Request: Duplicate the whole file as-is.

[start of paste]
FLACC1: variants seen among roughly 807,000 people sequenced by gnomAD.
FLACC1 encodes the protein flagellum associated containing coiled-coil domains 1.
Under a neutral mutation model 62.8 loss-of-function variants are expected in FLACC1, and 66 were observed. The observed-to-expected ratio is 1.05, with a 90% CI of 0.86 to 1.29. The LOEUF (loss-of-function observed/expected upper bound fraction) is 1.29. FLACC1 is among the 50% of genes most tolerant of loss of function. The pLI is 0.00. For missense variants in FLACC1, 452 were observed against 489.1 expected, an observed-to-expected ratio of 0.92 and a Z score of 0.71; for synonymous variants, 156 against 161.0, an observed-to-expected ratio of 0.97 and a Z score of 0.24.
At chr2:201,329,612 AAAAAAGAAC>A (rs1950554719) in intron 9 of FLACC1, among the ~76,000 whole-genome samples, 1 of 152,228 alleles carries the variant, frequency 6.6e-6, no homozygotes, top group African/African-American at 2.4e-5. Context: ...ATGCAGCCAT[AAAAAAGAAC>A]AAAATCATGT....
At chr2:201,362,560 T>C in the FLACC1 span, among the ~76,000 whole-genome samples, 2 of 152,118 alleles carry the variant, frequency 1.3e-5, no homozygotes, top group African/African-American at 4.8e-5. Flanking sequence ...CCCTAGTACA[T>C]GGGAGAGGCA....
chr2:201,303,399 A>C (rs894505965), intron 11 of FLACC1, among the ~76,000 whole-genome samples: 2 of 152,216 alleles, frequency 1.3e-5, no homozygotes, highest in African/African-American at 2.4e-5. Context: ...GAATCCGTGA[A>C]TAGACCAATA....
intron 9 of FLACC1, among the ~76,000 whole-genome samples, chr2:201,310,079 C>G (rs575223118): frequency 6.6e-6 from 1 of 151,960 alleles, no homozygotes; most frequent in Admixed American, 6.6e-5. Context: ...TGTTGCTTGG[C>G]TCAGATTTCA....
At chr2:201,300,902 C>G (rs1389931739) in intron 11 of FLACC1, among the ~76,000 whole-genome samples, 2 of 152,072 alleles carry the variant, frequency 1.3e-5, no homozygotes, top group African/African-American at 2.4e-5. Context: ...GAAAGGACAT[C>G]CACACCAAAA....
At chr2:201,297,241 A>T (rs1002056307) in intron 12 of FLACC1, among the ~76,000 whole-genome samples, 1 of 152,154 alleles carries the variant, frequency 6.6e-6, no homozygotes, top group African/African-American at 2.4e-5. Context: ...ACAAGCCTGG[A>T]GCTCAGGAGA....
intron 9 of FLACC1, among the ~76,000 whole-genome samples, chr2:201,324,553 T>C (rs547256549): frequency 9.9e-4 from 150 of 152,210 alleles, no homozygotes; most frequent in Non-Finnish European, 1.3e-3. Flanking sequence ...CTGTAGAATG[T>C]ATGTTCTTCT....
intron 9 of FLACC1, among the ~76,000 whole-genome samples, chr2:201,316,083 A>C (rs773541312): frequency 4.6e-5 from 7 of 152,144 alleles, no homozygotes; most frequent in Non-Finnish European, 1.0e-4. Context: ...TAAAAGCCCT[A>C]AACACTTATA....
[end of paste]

FLACC1: variants seen among roughly 807,000 people sequenced by gnomAD.
FLACC1 encodes the protein flagellum associated containing coiled-coil domains 1.
Under a neutral mutation model 62.8 loss-of-function variants are expected in FLACC1, and 66 were observed. The observed-to-expected ratio is 1.05, with a 90% CI of 0.86 to 1.29. The LOEUF (loss-of-function observed/expected upper bound fraction) is 1.29. FLACC1 is among the 50% of genes most tolerant of loss of function. The pLI is 0.00. For missense variants in FLACC1, 452 were observed against 489.1 expected, an observed-to-expected ratio of 0.92 and a Z score of 0.71; for synonymous variants, 156 against 161.0, an observed-to-expected ratio of 0.97 and a Z score of 0.24.
At chr2:201,329,612 AAAAAAGAAC>A (rs1950554719) in intron 9 of FLACC1, among the ~76,000 whole-genome samples, 1 of 152,228 alleles carries the variant, frequency 6.6e-6, no homozygotes, top group African/African-American at 2.4e-5. Context: ...ATGCAGCCAT[AAAAAAGAAC>A]AAAATCATGT....
At chr2:201,362,560 T>C in the FLACC1 span, among the ~76,000 whole-genome samples, 2 of 152,118 alleles carry the variant, frequency 1.3e-5, no homozygotes, top group African/African-American at 4.8e-5. Flanking sequence ...CCCTAGTACA[T>C]GGGAGAGGCA....
chr2:201,303,399 A>C (rs894505965), intron 11 of FLACC1, among the ~76,000 whole-genome samples: 2 of 152,216 alleles, frequency 1.3e-5, no homozygotes, highest in African/African-American at 2.4e-5. Context: ...GAATCCGTGA[A>C]TAGACCAATA....
intron 9 of FLACC1, among the ~76,000 whole-genome samples, chr2:201,310,079 C>G (rs575223118): frequency 6.6e-6 from 1 of 151,960 alleles, no homozygotes; most frequent in Admixed American, 6.6e-5. Context: ...TGTTGCTTGG[C>G]TCAGATTTCA....
At chr2:201,300,902 C>G (rs1389931739) in intron 11 of FLACC1, among the ~76,000 whole-genome samples, 2 of 152,072 alleles carry the variant, frequency 1.3e-5, no homozygotes, top group African/African-American at 2.4e-5. Context: ...GAAAGGACAT[C>G]CACACCAAAA....
At chr2:201,297,241 A>T (rs1002056307) in intron 12 of FLACC1, among the ~76,000 whole-genome samples, 1 of 152,154 alleles carries the variant, frequency 6.6e-6, no homozygotes, top group African/African-American at 2.4e-5. Context: ...ACAAGCCTGG[A>T]GCTCAGGAGA....
intron 9 of FLACC1, among the ~76,000 whole-genome samples, chr2:201,324,553 T>C (rs547256549): frequency 9.9e-4 from 150 of 152,210 alleles, no homozygotes; most frequent in Non-Finnish European, 1.3e-3. Flanking sequence ...CTGTAGAATG[T>C]ATGTTCTTCT....
intron 9 of FLACC1, among the ~76,000 whole-genome samples, chr2:201,316,083 A>C (rs773541312): frequency 4.6e-5 from 7 of 152,144 alleles, no homozygotes; most frequent in Non-Finnish European, 1.0e-4. Context: ...TAAAAGCCCT[A>C]AACACTTATA....